Atelerix – an Interview

The Cell Line Development market has been making huge strides and is expected to be valued at $7.5bn by 2024 and Atelerix are at the forefront. We interviewed CEO, Mick Mclean to find out the thinking behind Atelerix and it's role in the market.

Gap in the market

UK start-up, Atelerix is hoping to exploit the growing market, focusing its efforts on the transportation of cell across counties, countries, and laboratories all over the world.

Atelerix is a Newcastle University spinout that has created a transformative technology for the storage and transportation of cells at room temperature, overcoming the barriers and limitations presented by the current need for cryo-shipping. This assures that cells retain their natural state and are not damaged nor altered whilst being transported.

Leading this exciting new company is CEO, Mick McLean. Mick first attended Birmingham University, studying chemistry, before embarking on a post doctorate in Birmingham Alabama. Mick then came back to the UK before venturing on to study Biophysics, at Cambridge University. This is where Mick’s passion in Bioscience came to the fore and since 1997 he has been, a founder, advisor or CEO of six UK starts up in the bioscience sector.

Mick’s latest venture Atelerix is based at Newcastle University. This is where Antelerix’s scientific founder and CSO Che Connon lives and works. Antelerix is now purchasing a new three-year lease in Newcastle to add to the existing laboratory lease with Newcastle University.

This is a big step for Atelerix since its incorporation as a company in September 2017 as Mick explains, “By having an office space, we can now look to build a team that will specialise on the development of commercial partnerships in the UK and internationally. The incorporation of Atelerix as a company was a big turning point. Che was a fantastic researcher and somebody who continues to drive the technology forward, however, it is difficult to juggle the research with the actual day to day business administration. By becoming a fully-fledged company with its own office space, we were able to fully focus on the commercialisation while still driving the technological barriers of the Atelerix product.”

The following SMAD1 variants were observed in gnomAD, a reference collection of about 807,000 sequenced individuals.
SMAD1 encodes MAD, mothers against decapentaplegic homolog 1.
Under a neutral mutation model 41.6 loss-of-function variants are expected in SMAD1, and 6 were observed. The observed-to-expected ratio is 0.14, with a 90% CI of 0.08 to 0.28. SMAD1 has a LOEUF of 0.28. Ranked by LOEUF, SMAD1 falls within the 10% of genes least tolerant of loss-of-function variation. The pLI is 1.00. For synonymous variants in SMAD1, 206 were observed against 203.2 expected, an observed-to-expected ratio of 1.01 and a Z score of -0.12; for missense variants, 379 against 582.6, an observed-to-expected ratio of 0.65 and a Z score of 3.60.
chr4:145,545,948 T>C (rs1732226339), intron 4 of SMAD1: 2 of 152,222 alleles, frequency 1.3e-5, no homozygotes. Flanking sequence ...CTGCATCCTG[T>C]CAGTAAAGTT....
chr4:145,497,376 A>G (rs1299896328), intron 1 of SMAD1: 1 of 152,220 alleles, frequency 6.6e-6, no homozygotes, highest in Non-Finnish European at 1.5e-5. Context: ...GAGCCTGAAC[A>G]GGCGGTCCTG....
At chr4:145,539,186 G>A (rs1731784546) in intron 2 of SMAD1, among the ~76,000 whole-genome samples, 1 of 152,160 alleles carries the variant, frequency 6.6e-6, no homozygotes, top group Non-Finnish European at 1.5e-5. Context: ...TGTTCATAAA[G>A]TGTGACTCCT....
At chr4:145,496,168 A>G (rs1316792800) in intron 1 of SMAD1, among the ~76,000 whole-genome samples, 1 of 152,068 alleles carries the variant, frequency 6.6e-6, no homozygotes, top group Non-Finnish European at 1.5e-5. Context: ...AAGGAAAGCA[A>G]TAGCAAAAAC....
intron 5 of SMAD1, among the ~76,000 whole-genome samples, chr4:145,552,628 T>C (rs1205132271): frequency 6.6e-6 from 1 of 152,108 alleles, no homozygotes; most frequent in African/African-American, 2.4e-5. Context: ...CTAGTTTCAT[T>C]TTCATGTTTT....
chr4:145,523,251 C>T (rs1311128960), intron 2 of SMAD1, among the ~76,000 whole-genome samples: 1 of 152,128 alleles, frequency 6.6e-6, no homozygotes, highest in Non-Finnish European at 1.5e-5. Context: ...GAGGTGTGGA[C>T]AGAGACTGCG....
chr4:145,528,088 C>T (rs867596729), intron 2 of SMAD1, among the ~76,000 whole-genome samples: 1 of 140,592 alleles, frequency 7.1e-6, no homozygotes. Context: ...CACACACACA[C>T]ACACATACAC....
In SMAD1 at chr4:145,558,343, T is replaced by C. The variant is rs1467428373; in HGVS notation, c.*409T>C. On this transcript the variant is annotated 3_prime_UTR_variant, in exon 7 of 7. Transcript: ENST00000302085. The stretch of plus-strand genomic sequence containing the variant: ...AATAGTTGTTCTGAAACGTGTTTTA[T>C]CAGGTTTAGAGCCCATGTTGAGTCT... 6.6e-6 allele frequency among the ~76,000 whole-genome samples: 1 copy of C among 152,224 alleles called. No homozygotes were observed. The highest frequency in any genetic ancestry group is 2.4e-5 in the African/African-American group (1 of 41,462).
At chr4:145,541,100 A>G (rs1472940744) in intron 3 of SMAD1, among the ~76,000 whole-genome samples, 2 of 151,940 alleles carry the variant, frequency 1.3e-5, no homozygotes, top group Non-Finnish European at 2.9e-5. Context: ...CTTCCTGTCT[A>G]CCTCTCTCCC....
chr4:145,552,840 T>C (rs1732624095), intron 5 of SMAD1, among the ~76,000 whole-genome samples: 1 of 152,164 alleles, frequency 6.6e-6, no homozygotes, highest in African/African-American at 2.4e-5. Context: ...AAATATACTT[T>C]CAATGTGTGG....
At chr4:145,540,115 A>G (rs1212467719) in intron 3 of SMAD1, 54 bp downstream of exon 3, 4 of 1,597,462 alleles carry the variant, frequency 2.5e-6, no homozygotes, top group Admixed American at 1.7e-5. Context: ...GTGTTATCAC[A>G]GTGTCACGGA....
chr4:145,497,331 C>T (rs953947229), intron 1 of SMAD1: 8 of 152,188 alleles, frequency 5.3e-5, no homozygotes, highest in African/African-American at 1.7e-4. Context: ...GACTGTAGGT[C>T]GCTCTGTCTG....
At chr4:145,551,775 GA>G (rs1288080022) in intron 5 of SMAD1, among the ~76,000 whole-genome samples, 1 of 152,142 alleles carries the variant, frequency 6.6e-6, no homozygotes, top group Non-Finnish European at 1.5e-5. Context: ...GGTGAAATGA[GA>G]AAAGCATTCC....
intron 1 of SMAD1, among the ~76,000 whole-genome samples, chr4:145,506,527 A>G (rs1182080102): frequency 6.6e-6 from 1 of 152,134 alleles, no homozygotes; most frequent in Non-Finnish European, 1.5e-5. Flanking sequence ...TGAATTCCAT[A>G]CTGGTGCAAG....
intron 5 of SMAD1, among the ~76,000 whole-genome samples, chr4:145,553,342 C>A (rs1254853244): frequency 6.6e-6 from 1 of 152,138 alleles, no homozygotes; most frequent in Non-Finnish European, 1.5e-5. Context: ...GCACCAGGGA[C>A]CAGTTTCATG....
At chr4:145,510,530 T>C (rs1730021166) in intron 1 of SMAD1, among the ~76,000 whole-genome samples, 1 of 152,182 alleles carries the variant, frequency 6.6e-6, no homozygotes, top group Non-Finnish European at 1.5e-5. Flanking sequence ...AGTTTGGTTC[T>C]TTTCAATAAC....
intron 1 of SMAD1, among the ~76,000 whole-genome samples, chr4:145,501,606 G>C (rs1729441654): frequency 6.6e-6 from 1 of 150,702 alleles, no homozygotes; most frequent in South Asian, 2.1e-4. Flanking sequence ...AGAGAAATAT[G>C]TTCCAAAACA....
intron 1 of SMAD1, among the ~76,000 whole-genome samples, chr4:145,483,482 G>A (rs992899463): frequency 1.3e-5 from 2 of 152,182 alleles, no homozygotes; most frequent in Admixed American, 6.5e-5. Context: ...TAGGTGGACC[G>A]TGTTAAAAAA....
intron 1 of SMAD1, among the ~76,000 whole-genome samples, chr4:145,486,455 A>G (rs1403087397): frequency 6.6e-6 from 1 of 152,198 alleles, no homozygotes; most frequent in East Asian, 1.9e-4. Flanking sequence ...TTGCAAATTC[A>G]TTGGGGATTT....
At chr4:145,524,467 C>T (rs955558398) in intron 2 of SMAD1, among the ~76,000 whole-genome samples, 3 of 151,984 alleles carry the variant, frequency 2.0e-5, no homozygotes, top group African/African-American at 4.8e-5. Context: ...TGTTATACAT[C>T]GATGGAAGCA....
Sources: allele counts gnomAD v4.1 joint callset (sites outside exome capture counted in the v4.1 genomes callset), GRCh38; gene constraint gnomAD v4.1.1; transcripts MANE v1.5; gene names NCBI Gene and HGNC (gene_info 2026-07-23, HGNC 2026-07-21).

Newable’s involvement?

Since Atelerix secured £25,000 worth of grant funding from the Rainbow Fund (otherwise known as the UK Innovation & Science Seed Fund), Mick was invited to present Atelerix’s business plan to Newable’s Investment Advisory Committee, an experience that Mick remembers well!

“Newable were incredibly thorough and asked for a huge range of information. One of the committee members actually asked to speak to one of our customers; I duly handed over some contact details. Thankfully, the customer feedback was very positive. We were then asked to pitch in front of Newable’ Angel Network where two Angels invested alongside the Newable fund, bringing Newable’s total investment to just shy of £200,000.”

How bright is the future for Antelerix?

One person, who is hugely excited about Atelerix’s prospects, is Newable Ventures Limited’s Investment Director, Alexander Sleigh. “One thing that has impressed me about Atelerix is that from day one, there has been a very clear process presented to us on the move towards full commercialisation, be it the type of talent that they are looking to employ, the markets that they are looking to export to, and the timescale that these goals will take. We also see potential for strong growth in the cell therapy industry, something we feel will directly benefit Atelerix. Furthermore, Mick’s experience of being involved in six previous start-ups is apparent, and the strategic decisions that we are seeing Atelerix take, are ones that we are fully supportive of.”

Delving more into Atelerix’s strategy, it is clear where they are heading. Due to gene editing still being a relatively new technology, there isn’t as of yet, not one single supply chain that enables pharma companies to take cells from one location, and transport them to another location for testing. Mick is well aware of this and has ensured that the technological changes that Antelerix are driving, are focused upon exploiting this gap in the market in the short term.

Looking towards the medium to long term, Atelerix is then looking to adapt its technology to focus from the transportation of cells that are being tested, to those that are actually being implanted into humans. As Mick explains this brings its own challenges. “At the moment, our revenue has been sourced from gene editing research companies transporting cells between laboratories. In the next couple of years, we are going to be looking at adapting our technology to be involved in cell therapy, essentially the patient’s own cells being extracted, engineered and then put back into the body to enable the cells to fight diseases such as cancer. These cells are, understandably subjected to completely different regulatory standards to ones that are simply being used for research. This creates much higher costs, yet produces much higher revenues.”

Next Step

Moving forward, Atelerix is looking to recruit a Senior Commercial Director to lead its imminent entry into the Japanese market. Japan leads the cell therapy market globally and will be the largest market for Antelerix.

This is closely followed by the US and UK. Atelerix hopes to be exporting to Japan within six months despite the cultural, economic and geographical issues as Mick explains. “With Japan the cultural, linguistic and geographical challenges are very clear and something that is impossible to mitigate. With the US, the market is probably bigger than Japan but not as advanced. Furthermore, the threat of Medicare for all being abandoned will potentially threaten the potential for cell therapy being available for the mass market. The UK will still very much remain an important market for us.”

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